The above screen now shows the folder 101MSDCF where the actual photos are stored. On this screen an option c is presented to copy the whole directory, however I am only interested in recovering the deleted image. Enter is pressed while 101MSDCF is selected.

The above screen finally shows the images on the memory stick. The deleted image is shown highlighted in red, only the first charcter of the filename is replaced by an underscore. Using cursor keys the delted image (or images are selected) and c for copy is pressed.

You are now given a choice of where to save the recovered files. You can save to home or any other directory, press "Y" to confirm.

The above screen is confirmation that the file has been copied. You can now press q to quit.

After pressing q you are greeted with more options. Simply use cursor keys and quit the program. Also note that in this case that no information was ever wrote to the media. It may look more complex but only takes about a minute to navigate the options, much less time than it took for me to write this page.



Photorec
Photorec is produced by Christophe Grenier under the GNU FDL license and runs on FreeBSD, Linux, Mac, Unix and Windows. You can download a copy from Christophe's web site CG Security . Photorec can recover files from most media, hard disks, USB memory sticks, Smart Card, CD-ROM, DVD, etc.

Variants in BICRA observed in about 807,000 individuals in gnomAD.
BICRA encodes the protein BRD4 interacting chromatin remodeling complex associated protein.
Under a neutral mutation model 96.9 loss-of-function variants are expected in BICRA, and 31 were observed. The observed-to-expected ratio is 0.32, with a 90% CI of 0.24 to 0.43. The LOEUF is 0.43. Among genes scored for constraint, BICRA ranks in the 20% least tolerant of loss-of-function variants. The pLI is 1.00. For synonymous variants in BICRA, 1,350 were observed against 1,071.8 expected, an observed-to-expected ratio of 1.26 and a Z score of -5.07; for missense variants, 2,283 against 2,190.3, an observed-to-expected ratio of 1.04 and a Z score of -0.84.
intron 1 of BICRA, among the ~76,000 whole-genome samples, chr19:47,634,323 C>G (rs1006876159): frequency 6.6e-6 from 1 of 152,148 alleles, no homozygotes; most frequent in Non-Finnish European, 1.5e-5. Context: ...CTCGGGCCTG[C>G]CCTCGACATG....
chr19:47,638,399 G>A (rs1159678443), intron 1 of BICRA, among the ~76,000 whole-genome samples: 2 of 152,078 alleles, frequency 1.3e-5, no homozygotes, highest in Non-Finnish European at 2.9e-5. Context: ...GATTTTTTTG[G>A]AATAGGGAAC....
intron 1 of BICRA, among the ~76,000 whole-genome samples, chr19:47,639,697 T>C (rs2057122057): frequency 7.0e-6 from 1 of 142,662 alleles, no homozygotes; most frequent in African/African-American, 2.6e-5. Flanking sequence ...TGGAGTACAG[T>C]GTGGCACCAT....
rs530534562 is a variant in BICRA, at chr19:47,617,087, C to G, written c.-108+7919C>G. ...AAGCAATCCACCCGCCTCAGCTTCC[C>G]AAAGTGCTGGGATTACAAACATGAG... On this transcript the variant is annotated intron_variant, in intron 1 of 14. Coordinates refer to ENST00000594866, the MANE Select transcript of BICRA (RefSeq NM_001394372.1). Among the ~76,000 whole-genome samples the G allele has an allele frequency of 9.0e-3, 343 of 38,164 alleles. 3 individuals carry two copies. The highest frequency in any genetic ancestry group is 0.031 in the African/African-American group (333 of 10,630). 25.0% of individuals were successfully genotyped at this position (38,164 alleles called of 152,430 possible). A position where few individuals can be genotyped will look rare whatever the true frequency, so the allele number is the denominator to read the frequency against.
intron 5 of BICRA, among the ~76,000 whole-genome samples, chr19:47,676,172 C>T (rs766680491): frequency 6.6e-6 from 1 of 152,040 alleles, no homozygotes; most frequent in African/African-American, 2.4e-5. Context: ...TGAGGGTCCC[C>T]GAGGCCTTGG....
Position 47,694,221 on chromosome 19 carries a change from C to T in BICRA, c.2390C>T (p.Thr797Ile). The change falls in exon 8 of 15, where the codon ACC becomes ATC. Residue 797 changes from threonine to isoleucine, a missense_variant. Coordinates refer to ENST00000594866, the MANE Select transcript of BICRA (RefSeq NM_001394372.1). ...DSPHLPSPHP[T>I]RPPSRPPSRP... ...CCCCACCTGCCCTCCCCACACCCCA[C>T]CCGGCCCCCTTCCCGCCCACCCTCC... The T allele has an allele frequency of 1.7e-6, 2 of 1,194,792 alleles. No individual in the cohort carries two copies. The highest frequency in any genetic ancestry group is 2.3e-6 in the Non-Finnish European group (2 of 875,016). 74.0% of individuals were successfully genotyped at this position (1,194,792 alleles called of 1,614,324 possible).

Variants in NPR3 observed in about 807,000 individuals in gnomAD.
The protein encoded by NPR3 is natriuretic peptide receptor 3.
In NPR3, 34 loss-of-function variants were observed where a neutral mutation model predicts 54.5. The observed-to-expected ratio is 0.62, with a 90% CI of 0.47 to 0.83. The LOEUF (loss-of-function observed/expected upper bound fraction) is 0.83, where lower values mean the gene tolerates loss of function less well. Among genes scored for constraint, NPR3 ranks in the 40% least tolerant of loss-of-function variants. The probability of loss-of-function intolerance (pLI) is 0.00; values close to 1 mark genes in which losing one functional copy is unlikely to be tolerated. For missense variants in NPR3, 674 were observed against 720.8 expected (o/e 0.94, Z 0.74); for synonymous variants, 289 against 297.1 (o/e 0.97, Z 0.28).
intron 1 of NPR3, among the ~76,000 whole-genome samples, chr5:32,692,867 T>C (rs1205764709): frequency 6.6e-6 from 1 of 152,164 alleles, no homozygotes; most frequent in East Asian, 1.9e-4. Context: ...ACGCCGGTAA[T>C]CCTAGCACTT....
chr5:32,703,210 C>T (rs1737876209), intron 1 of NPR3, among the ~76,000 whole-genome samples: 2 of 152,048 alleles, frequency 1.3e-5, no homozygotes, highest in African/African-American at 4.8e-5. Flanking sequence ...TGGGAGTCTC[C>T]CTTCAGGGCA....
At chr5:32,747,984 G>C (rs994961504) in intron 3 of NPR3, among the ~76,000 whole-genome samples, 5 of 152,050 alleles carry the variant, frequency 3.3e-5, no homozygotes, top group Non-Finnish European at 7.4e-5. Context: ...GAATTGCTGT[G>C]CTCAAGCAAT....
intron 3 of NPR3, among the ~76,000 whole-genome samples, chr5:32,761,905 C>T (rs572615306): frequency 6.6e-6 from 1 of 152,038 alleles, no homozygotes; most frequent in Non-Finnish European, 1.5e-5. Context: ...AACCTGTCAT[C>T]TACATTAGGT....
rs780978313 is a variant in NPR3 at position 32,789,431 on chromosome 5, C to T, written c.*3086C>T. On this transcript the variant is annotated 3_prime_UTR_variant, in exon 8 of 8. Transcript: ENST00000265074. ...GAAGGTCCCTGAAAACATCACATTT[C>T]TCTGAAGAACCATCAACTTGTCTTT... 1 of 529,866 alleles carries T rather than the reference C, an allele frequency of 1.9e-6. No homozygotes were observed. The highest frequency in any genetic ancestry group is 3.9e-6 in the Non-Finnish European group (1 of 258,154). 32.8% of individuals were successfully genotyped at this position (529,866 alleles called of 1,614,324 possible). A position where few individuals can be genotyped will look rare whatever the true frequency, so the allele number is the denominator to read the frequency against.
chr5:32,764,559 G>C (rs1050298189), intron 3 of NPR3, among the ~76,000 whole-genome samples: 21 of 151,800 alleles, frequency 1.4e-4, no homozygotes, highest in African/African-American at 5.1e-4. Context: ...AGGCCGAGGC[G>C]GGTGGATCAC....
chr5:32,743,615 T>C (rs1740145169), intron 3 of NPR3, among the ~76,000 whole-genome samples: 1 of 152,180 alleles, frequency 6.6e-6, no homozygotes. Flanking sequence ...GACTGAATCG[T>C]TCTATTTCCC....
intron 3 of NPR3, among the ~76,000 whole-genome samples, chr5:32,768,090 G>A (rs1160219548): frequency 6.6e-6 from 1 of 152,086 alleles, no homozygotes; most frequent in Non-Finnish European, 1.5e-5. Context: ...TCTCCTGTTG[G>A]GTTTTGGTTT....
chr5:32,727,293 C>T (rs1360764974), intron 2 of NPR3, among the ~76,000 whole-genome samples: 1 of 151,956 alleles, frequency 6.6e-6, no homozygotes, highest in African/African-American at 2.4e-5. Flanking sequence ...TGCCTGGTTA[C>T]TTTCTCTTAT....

Starting Photorec
Testdisk is run in a terminal (Command prompt for windows) and is available for Windows, Linux, FreeBSD and Mac. Before starting you may need admin rights to access the physical device.
To start open a terminal (as root) and type photorec.
Click on photorec_win.exe You need to right click and Run as Administrator if using Vista or Windows 7.

Recovering a card from a Format
Once started Photorec will ask for a drive selection. Note that in my case PClinux gives full access to memory cards and smart media, if the device was a hard drive then Photorec would need to be started with root privilidges. The screenshots are similar for windows, except that under windows removable media is assigned a single drive letter e.g. H:

The memory stick can be accessed via a computer card reader or connected via a USB lead connected to the camera. The memory is identified by its drive name and media size, in this case /dev/sdc and 129M. After clicking on Proceed the next screen shows:

PhotoRec 6.11.3, Data Recovery Utility, May 2009
Christophe GRENIER
http://www.cgsecurity.org

1 * FAT16 >32M 0 2 2 989 15 16 253407

To recover lost files, PhotoRec need to know the filesystem type where the
file were stored:
[ ext2/ext3 ] ext2/ext3/ext4 filesystem
[ Other ] FAT/NTFS/HFS+/ReiserFS/...

All memory cards are formatted as FAT32 or NTFS so [Other] is chosen: